Would you set foot on an electric-powered or hybrid aircraft? It may be some time before that happens, but it is getting closer every day. If engineers at GE Aviation have anything to say about it, electric aircraft will be flying sooner rather than later.
I learned that GE Aviation is creating an Electrical Power Integrated Systems Research & Development Center (EPISCENTER) near Dayton, Ohio, to focus on hybrid and electric vehicles, including aircraft, ground vehicle, and marine applications. Currently conducting site research, analysis, and final business reviews, GE executives anticipate that EPISCENTER operations will begin in 2012.
“GE’s EPISCENTER will focus on advanced energy management involving electric power systems research and development, including electric power generation, control, distribution and management, conversion, and energy storage equipment,” says Vic Bonneau, president of Electric Power for GE Aviation Systems. “This center of excellence will be used to design optimized systems that deliver electric power efficiently and robustly for our military and commercial customers.”
A capital grant for up to $7.6 million from the Ohio Third Frontier Commission is helping to support the center. The fiscal agent is the University of Dayton Research Institute (UDRI), researchers of which will work with GE to develop and deploy computer modeling, simulation, and analysis of advanced, dynamic electric power systems designs and controls.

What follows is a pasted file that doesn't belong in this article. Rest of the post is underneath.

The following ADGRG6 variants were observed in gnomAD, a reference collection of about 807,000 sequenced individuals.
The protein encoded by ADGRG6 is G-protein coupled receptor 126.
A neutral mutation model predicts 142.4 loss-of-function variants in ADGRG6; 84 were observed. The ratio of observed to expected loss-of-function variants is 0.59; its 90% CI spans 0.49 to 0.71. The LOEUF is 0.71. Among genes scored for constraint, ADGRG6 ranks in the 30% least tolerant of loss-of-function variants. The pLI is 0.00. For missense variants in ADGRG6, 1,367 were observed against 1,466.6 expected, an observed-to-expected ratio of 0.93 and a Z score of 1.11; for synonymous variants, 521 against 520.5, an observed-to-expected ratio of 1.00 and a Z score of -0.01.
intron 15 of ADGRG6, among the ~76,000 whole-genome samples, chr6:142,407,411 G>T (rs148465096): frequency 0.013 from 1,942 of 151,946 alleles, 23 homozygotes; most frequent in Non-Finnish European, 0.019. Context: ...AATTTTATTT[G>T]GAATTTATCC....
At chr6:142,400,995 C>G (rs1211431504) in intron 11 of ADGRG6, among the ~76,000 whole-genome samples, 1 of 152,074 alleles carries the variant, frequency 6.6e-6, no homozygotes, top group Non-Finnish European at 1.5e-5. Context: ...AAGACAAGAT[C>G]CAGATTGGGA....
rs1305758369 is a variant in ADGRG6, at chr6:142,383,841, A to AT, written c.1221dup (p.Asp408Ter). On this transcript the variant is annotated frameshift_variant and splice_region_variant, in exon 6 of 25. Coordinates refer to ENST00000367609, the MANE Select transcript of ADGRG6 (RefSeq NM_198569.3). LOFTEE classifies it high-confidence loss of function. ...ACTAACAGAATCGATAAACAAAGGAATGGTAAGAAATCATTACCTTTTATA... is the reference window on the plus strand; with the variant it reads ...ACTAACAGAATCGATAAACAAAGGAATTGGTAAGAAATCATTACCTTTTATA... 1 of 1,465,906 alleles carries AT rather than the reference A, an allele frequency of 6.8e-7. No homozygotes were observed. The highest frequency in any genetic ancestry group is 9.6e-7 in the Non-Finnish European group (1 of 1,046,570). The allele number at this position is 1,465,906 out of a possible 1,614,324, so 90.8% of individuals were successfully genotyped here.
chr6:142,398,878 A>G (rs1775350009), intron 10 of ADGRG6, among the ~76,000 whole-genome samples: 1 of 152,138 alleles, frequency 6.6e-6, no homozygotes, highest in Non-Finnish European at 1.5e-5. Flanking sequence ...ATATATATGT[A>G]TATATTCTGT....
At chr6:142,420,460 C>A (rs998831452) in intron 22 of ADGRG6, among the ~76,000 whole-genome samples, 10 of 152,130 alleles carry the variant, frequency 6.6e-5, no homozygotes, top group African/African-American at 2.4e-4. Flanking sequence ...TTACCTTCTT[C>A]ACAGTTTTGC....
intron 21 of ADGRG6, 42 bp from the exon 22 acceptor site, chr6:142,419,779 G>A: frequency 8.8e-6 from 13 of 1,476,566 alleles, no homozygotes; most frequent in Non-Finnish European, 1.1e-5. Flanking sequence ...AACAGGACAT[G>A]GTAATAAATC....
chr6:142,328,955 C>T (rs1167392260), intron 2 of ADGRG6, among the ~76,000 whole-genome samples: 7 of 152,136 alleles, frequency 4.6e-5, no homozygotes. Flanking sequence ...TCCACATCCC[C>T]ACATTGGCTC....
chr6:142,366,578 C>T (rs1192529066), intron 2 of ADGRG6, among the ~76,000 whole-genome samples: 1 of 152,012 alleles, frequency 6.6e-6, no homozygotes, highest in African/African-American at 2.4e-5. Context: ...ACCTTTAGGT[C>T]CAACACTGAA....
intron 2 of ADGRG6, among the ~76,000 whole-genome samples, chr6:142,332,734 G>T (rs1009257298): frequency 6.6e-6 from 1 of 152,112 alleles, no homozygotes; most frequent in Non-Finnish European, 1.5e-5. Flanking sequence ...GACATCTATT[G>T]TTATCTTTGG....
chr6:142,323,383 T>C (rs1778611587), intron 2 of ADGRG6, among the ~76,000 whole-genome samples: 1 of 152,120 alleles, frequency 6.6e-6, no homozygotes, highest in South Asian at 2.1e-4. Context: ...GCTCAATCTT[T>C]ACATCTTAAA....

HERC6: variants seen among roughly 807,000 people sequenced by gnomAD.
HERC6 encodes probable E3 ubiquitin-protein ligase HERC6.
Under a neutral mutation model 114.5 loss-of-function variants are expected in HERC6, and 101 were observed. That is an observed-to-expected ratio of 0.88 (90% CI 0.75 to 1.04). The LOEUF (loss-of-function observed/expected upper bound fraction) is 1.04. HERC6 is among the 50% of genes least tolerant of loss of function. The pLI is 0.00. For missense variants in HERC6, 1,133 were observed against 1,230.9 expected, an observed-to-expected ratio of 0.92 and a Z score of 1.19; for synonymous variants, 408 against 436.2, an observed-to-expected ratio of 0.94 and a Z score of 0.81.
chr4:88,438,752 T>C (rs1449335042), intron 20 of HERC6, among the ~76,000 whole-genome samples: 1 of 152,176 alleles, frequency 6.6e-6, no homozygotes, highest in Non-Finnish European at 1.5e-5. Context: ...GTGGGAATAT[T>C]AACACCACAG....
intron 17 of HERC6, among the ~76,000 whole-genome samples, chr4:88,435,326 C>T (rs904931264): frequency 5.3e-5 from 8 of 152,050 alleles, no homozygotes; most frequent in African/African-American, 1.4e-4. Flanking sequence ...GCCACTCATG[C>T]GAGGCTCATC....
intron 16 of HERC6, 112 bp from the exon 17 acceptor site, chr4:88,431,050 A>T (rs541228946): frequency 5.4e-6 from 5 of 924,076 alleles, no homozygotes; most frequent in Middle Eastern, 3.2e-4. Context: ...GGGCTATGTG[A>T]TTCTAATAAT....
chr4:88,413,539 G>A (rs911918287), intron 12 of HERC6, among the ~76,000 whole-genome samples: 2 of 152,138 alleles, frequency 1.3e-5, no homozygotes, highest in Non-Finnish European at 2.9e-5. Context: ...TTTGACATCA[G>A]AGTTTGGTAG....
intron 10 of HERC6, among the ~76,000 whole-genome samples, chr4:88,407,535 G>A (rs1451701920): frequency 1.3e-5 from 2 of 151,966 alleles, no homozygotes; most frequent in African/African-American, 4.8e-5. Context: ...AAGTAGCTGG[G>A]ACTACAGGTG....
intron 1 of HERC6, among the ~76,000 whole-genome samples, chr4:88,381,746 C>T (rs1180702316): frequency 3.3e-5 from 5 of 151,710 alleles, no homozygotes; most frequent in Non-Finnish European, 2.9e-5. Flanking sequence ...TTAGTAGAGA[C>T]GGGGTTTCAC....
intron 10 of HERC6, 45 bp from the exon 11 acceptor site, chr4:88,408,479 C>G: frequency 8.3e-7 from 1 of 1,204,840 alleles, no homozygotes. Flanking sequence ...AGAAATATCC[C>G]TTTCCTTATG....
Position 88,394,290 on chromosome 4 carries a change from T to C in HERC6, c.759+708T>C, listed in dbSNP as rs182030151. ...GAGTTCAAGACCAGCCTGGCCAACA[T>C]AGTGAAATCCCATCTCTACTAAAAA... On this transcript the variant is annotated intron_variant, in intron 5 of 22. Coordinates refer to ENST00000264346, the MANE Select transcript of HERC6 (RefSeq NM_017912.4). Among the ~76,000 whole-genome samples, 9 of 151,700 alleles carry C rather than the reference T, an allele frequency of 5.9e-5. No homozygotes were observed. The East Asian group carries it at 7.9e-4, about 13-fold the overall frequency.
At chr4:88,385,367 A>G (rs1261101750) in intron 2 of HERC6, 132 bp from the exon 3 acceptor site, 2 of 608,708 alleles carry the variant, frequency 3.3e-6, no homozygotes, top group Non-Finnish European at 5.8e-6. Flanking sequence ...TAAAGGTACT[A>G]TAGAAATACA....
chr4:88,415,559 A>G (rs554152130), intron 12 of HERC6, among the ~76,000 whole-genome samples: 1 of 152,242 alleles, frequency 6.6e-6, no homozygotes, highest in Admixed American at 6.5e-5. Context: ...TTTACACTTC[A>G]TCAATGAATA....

“Electrification in transportation is a growth area,” Bonneau continues. “This center will yield system-level benefits so that our customers can more rapidly benefit from this trend in energy management, climate control, radars and sensors, silicon carbide-based power conversion, and electric actuation, to name a few.”
Work will center on advanced electrical power systems research and development in support of hybrid electric ground vehicles, the electrification of naval surface ships, and especially the aviation industry’s More Electric Aircraft (MEA) technology. The center’s electrical power technology is likely to power future generations of commercial air transports, business and regional jets, and strategic and tactical ground combat vehicles, joint light tactical vehicles, unmanned air vehicles, and miniaturized electronics aboard naval vessels, reveals a company representative.
I am all for reducing reliance on fossil fuels, and so I am encouraged by GE’s investment in alternative power sources. I do hope, however, that the company is investing in proven, advanced, and adequate software tools to support its design and development efforts. Given recent events—the software glitch discovered in Toyota’s Prius hybrid vehicle (resulting in accidents, deaths, and recalls) and American Airlines’ troubles with electrical wire bundles (grounding planes in 2008)—I hope industry leaders such as GE fully understand the importance of electrical design automation, quality assurance and testing, and requirements tracing tools to ensure high-assurance, safety-critical results. With the knowledge that these software innovations are in place, I believe I could step confidently onto an electric aircraft.